Ablaze Unclassified 18+
Viewer advice: Contains themes of violence and oppression against Indigenous Australians
Entrepreneur, impresario, entertainer, activist. Tiriki Onus thought he knew his grandfather Bill, until an unearthed film reel suggests he might have been the first ever Aboriginal filmmaker.
Yorta Yorta and Wiradjuri man Bill Onus is a revered figure in Australia’s civil-rights history. After a disadvantaged upbringing at the Cummeragunja Mission, in the 1940s and 50s he ignited a struggle for Indigenous rights in collaboration with the Australian Aborigines’ League and stalwart advocates such as Douglas Nicholls and Faith Bandler. When, 70 years later, a silent film believed to have been made by Bill is discovered, his already rich legacy – and our broader understanding of the Indigenous rights movement – is thrust under a new light.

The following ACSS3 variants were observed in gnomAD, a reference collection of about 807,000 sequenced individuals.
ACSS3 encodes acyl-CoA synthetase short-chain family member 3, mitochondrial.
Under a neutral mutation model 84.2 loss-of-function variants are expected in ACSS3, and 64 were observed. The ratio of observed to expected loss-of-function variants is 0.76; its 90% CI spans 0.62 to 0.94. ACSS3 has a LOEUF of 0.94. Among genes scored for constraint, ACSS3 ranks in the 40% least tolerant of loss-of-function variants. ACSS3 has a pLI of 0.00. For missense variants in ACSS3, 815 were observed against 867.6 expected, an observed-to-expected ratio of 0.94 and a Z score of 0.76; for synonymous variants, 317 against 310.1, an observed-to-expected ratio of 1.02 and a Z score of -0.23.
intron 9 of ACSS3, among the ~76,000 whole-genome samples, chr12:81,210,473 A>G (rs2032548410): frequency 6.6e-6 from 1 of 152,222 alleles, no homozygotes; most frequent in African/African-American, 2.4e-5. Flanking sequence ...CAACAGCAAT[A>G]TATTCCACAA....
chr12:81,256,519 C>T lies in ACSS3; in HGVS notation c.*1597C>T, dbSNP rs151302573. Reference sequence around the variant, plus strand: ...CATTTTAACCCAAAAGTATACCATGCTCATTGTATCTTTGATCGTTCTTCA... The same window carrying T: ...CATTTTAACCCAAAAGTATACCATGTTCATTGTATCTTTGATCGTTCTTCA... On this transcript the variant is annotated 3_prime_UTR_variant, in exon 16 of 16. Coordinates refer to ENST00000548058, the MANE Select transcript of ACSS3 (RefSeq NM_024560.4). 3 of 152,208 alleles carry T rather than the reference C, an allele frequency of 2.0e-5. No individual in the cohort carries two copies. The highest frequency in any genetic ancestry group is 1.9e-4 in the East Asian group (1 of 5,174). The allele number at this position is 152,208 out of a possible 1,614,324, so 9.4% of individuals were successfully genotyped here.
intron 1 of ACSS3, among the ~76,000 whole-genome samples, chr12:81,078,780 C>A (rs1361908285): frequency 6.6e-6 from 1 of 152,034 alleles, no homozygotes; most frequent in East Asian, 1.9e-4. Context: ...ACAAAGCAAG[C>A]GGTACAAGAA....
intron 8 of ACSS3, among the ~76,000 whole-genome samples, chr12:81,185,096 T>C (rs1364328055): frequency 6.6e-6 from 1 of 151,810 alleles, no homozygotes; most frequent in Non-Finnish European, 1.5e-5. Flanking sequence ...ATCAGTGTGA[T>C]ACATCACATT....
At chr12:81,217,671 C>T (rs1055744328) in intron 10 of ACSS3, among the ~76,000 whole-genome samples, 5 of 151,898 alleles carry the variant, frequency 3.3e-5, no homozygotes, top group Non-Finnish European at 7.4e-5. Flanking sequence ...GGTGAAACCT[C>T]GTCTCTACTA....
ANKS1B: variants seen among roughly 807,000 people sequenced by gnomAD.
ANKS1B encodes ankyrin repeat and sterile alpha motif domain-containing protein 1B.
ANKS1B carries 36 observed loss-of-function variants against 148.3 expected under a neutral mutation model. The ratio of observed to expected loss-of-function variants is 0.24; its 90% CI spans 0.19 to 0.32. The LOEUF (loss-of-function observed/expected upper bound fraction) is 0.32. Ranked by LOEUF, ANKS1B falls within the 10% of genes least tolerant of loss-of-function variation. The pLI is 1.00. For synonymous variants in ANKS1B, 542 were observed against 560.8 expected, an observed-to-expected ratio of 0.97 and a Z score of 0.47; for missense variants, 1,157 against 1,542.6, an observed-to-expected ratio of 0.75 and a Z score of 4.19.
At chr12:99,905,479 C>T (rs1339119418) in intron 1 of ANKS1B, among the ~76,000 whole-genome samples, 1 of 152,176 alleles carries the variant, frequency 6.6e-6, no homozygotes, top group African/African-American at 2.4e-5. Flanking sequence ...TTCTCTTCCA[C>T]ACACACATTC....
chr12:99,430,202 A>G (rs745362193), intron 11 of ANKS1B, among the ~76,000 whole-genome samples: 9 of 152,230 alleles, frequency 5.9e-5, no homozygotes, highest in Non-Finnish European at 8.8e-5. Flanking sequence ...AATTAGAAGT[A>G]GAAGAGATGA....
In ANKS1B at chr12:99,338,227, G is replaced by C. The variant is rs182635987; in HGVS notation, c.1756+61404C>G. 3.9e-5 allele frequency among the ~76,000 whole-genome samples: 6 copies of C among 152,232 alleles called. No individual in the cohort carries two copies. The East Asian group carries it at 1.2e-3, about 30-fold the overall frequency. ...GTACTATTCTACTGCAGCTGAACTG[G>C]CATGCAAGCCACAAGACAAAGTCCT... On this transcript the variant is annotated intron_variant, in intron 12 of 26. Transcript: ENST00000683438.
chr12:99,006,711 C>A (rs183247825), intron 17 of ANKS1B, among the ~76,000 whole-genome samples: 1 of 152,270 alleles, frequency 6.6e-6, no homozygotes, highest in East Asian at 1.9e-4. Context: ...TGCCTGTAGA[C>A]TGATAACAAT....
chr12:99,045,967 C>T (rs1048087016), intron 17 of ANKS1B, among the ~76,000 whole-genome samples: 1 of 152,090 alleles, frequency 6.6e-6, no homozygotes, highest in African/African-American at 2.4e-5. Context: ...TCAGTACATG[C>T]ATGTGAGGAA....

Narrated by opera singer and academic turned debutant co-director Tiriki Onus and vividly visualised through archival footage, animations, photographs, re-enactments and interviews, Ablaze presents a compelling untold story of activism, resistance and politically-driven art-making. With the intrigue and slick pace of the best detective fiction, this absorbing documentary follows Tiriki as he chases down myriad leads about his grandfather, while also recounting key events in Australia’s sociocultural past: from workers’ strikes and early titles in a nascent national cinema, to trailblazing Aboriginal-led stage-plays and the first ever Moomba. Much like its subjects, this MIFF Premiere Fund–supported historical kaleidoscope embodies the power of art to educate and to stimulate social change.
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